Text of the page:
"I think it’s important to note that if you are white and passionate that something needs to change, make sure you listen to the black people around you," said Schomberg. "Don’t just go off of what you think is best, get a second opinion. A lot of times people will try to do something that is supposed to help, but it doesn’t end up helping or it comes off as inconsiderate … We aren’t doing this (protest) for praise or accolades. We’re doing this because we are angry and we see people hurting and being murdered. White people shouldn’t have to get praise for doing the right thing."


Anderson commended the amount of participation from Native Americans around the area and described it as "incredible."


Lyons also said that small communities need to care about these issues because they do not only happen in the bigger cities, but it happens everywhere.


"Racism is everywhere, and we need to put an end to it," Lyons said. "I would like to say thank you to all of the people who have done nothing but support and love everyone for who they are. Thank you for taking the time to acknowledge that there are problems in our justice system, and that change needs to happen in order for people to stop being murdered. Thank you for standing up for what is right. Secondly, I would like to tell the people who believe that racism is dead and that ‘all lives matter’ that it’s true, all lives do matter, but right now our black community is the one hurting — they have been for many many years, and you can either stand up and end the hurt and pain that they have endured for so long, or you can remain silent. Ignorant. Also, racism is far from dead, and if anyone disagrees, that alone shows ignorance in itself. As a Native American woman, I have endured first hand racism by many people, to my face and over social media. Trust me, it’s still well and thriving. Let’s end it."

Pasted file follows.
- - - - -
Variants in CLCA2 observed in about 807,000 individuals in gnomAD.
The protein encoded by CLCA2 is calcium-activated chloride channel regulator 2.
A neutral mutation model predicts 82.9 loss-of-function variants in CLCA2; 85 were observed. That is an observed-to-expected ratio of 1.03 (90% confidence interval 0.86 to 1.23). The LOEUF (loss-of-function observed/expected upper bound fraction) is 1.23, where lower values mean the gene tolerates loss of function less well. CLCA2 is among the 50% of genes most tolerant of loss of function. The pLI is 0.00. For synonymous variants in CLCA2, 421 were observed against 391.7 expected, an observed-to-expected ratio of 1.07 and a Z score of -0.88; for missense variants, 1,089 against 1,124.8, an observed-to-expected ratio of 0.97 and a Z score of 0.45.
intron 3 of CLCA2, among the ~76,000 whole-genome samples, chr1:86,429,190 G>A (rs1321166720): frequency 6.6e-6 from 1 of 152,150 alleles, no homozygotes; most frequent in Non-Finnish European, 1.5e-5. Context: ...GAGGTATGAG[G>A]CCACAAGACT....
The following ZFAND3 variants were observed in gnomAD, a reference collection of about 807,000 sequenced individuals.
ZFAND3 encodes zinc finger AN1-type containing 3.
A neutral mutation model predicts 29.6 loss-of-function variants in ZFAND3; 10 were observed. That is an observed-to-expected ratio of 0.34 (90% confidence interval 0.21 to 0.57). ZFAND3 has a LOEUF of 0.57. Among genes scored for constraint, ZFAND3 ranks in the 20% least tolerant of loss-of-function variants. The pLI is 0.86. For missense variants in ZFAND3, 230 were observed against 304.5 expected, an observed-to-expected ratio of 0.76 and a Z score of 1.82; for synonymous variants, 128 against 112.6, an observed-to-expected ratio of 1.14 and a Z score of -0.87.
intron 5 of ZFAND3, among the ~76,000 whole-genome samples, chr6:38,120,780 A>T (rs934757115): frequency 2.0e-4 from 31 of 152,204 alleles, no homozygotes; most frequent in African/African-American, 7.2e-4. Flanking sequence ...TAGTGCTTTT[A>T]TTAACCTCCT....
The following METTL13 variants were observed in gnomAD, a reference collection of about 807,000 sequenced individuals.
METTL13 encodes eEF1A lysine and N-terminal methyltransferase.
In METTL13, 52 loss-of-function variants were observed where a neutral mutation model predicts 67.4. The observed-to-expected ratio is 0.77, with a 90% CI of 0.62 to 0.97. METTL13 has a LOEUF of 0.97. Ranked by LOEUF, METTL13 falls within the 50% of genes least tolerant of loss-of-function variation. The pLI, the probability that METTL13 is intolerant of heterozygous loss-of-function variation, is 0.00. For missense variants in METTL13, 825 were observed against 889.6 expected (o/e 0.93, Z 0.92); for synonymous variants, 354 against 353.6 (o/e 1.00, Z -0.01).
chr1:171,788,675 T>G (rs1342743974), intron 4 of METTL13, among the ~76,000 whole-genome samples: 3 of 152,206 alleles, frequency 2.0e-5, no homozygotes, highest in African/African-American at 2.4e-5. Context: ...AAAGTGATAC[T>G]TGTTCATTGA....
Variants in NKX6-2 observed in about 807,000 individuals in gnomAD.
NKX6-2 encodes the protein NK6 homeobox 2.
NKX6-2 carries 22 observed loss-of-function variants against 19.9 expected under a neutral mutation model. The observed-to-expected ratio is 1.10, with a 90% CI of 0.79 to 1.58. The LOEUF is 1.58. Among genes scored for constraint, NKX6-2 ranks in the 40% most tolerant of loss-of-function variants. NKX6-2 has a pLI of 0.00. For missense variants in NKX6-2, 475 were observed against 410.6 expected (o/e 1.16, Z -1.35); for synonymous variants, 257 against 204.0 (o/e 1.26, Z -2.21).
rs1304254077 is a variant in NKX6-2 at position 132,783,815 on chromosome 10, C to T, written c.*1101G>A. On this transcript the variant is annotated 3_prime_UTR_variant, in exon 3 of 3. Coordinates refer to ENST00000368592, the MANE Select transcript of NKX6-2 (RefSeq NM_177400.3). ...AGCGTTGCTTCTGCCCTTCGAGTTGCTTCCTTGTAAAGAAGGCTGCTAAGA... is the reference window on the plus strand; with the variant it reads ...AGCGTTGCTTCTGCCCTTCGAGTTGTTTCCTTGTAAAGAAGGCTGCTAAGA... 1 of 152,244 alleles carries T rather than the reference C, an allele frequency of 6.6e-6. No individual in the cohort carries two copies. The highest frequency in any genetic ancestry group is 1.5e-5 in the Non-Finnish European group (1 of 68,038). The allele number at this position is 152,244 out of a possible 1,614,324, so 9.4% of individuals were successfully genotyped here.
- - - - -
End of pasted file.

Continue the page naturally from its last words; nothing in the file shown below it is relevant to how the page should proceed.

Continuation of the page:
There will be a second protest from 4:30 to 6:30 p.m. on Wednesday, June 3, at the same corner of Portage and Ashmun.


The Sault News also reached out to city manager Brian Chapman about this matter but received no response by the time of publication.